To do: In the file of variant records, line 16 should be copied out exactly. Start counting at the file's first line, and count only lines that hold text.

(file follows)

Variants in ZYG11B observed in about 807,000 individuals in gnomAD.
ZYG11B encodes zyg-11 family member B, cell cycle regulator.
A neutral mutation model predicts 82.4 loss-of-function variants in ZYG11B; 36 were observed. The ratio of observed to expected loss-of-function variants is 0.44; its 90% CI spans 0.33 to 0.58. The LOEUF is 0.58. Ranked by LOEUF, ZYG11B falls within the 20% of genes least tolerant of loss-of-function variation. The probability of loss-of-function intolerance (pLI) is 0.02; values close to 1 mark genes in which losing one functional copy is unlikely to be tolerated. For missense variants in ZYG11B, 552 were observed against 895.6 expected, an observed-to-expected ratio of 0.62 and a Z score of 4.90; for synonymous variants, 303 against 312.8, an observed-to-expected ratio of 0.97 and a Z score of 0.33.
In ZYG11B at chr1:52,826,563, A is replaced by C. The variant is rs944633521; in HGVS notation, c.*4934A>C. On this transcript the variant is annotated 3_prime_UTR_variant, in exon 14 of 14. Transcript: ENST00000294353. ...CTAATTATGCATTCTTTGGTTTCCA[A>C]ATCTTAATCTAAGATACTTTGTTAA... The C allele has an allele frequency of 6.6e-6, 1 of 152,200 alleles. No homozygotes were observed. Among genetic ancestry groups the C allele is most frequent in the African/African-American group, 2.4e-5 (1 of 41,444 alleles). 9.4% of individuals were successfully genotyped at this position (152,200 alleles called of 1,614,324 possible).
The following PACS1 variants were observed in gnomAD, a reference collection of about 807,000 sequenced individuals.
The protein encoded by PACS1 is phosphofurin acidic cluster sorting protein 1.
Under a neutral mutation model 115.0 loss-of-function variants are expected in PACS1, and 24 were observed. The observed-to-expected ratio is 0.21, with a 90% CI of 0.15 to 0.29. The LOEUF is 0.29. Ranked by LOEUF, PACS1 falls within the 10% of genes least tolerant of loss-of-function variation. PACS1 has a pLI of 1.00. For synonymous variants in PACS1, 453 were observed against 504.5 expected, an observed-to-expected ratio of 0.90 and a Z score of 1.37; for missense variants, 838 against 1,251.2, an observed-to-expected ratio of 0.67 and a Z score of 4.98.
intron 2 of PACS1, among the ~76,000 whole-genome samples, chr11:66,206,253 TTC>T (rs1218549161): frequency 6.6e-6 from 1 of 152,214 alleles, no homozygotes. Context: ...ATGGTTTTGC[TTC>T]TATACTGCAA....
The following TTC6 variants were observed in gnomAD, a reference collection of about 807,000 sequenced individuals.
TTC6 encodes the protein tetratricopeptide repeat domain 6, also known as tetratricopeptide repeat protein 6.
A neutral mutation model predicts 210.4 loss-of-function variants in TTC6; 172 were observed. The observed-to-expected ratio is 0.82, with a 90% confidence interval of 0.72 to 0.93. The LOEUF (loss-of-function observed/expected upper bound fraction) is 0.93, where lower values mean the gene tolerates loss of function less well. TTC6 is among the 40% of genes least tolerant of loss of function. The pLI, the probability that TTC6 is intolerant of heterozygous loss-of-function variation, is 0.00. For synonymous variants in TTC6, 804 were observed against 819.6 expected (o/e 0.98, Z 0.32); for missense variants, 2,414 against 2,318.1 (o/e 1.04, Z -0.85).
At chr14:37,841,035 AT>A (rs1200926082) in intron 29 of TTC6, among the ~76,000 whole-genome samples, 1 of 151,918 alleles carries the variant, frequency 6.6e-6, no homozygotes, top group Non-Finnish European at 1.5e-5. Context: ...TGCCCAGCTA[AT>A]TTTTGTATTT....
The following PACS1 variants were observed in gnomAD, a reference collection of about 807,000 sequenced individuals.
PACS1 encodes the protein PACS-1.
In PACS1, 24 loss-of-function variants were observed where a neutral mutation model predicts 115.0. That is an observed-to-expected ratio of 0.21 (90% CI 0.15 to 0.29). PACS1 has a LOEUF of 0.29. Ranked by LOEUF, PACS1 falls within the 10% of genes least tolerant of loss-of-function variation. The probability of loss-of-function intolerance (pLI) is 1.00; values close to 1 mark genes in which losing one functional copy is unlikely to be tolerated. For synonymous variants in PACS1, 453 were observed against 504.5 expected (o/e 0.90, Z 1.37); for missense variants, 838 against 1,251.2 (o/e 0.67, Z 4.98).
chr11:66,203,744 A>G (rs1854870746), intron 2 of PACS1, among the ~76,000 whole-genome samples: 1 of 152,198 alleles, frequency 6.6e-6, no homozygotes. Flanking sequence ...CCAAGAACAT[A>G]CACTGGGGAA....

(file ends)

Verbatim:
chr11:66,203,744 A>G (rs1854870746), intron 2 of PACS1, among the ~76,000 whole-genome samples: 1 of 152,198 alleles, frequency 6.6e-6, no homozygotes. Flanking sequence ...CCAAGAACAT[A>G]CACTGGGGAA....